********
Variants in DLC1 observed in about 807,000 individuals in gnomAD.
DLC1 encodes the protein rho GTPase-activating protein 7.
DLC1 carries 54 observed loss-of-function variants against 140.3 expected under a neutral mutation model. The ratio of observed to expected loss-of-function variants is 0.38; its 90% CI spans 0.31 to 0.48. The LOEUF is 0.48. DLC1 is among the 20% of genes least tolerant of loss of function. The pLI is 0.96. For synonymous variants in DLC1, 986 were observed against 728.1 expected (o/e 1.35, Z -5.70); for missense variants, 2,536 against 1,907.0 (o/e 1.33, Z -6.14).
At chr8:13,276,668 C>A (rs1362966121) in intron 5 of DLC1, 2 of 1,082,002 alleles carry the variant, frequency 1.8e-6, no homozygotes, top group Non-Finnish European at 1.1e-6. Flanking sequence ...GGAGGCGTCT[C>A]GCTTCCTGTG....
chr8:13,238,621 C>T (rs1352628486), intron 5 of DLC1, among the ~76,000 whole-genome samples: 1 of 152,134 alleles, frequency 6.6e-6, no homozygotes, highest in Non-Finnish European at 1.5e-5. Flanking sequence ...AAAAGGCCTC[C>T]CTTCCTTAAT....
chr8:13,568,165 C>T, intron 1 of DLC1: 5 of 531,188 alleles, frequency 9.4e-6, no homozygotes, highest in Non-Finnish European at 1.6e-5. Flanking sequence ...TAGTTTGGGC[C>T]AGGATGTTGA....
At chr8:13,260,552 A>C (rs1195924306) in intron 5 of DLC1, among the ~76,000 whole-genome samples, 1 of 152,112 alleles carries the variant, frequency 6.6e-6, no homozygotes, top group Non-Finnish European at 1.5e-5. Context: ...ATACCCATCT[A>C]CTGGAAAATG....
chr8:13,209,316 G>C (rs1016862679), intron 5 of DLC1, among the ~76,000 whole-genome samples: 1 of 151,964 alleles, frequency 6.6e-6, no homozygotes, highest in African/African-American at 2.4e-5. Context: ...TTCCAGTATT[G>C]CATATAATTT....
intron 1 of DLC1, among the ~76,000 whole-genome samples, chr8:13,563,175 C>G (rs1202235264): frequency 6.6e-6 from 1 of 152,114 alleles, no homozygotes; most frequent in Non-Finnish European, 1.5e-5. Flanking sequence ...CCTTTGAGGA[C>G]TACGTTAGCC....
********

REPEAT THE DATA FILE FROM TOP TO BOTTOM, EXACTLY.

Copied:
Variants in DLC1 observed in about 807,000 individuals in gnomAD.
DLC1 encodes the protein rho GTPase-activating protein 7.
DLC1 carries 54 observed loss-of-function variants against 140.3 expected under a neutral mutation model. The ratio of observed to expected loss-of-function variants is 0.38; its 90% CI spans 0.31 to 0.48. The LOEUF is 0.48. DLC1 is among the 20% of genes least tolerant of loss of function. The pLI is 0.96. For synonymous variants in DLC1, 986 were observed against 728.1 expected (o/e 1.35, Z -5.70); for missense variants, 2,536 against 1,907.0 (o/e 1.33, Z -6.14).
At chr8:13,276,668 C>A (rs1362966121) in intron 5 of DLC1, 2 of 1,082,002 alleles carry the variant, frequency 1.8e-6, no homozygotes, top group Non-Finnish European at 1.1e-6. Flanking sequence ...GGAGGCGTCT[C>A]GCTTCCTGTG....
chr8:13,238,621 C>T (rs1352628486), intron 5 of DLC1, among the ~76,000 whole-genome samples: 1 of 152,134 alleles, frequency 6.6e-6, no homozygotes, highest in Non-Finnish European at 1.5e-5. Flanking sequence ...AAAAGGCCTC[C>T]CTTCCTTAAT....
chr8:13,568,165 C>T, intron 1 of DLC1: 5 of 531,188 alleles, frequency 9.4e-6, no homozygotes, highest in Non-Finnish European at 1.6e-5. Flanking sequence ...TAGTTTGGGC[C>T]AGGATGTTGA....
At chr8:13,260,552 A>C (rs1195924306) in intron 5 of DLC1, among the ~76,000 whole-genome samples, 1 of 152,112 alleles carries the variant, frequency 6.6e-6, no homozygotes, top group Non-Finnish European at 1.5e-5. Context: ...ATACCCATCT[A>C]CTGGAAAATG....
chr8:13,209,316 G>C (rs1016862679), intron 5 of DLC1, among the ~76,000 whole-genome samples: 1 of 151,964 alleles, frequency 6.6e-6, no homozygotes, highest in African/African-American at 2.4e-5. Context: ...TTCCAGTATT[G>C]CATATAATTT....
intron 1 of DLC1, among the ~76,000 whole-genome samples, chr8:13,563,175 C>G (rs1202235264): frequency 6.6e-6 from 1 of 152,114 alleles, no homozygotes; most frequent in Non-Finnish European, 1.5e-5. Flanking sequence ...CCTTTGAGGA[C>G]TACGTTAGCC....